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I have a C++ application which process network packets at high data rate. This application has various data structures (STL maps/list etc) maintaining application state. These data structures are updated frequently. Input to this application is error prone thus making it vulnerable to crashes.

What I want to do is to save application state (various data structures) to persistent media in order to regain it after crash. Is there any framework/library/practice which can help me in achieving the same.

Requesting you to not direct this thread to 'remove vulnerability to crashes'.

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You should take a look at the Restart and Recovery framework recipe by Kate Gregory. It's a video that explains how to employ this strategy. Also, take a look at Application Recovery and Restart for reference. I've used and modified this recipe and it works flawlessly.

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Input to this application is error prone thus making it vulnerable to crashes

No, input should never cause the application to crash*. It's not the input that's error prone. It's the application.

About the only you can do if you really want the information to persist, is to persist it in the first place, before each crash.

A crash predictor could of course come in handy for that.

But the general notion is just, persist what you need to be persisted, before a crash makes it practically impossible to do so.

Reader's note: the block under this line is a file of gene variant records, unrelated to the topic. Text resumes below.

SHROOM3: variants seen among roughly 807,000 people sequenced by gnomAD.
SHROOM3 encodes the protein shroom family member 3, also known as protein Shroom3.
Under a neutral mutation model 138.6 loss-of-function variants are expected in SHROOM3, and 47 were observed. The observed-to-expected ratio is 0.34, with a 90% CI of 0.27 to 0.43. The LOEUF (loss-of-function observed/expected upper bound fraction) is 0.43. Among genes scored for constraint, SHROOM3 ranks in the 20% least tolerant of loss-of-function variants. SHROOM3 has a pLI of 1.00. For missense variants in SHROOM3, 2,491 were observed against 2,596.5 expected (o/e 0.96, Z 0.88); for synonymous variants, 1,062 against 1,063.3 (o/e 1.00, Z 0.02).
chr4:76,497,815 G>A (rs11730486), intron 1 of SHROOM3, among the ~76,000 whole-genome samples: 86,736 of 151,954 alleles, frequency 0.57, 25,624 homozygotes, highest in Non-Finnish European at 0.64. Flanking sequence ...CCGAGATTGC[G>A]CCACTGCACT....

In the crashed state you can not rely on anything inside the application.

Saving information in that state would at the very least require extensive verification at the point of use of that stored info.

In short,

  • the best is to fix the bugs, but

  • failing that, as interim measure you can persist info as it becomes available (before crashes), but then

  • with the aim of reimplementing the whole shebang from scratch, which I recommend.

*: Unless it's desgined for that, of course.

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By error prone input I mean following - 'This application performs DPI wherein it involves network-application/protocol layer parsing. There are various scenarios under which input cannot be predicted (e.g. change in specification of applications-packets, non compliance to standards, proprietary protocols, transmission errors, bug in network-applications etc.)' – 0xffff Jan 16 '14 at 5:38
@downvoter: why did you downvote – Cheers and hth. - Alf Jan 16 '14 at 15:15

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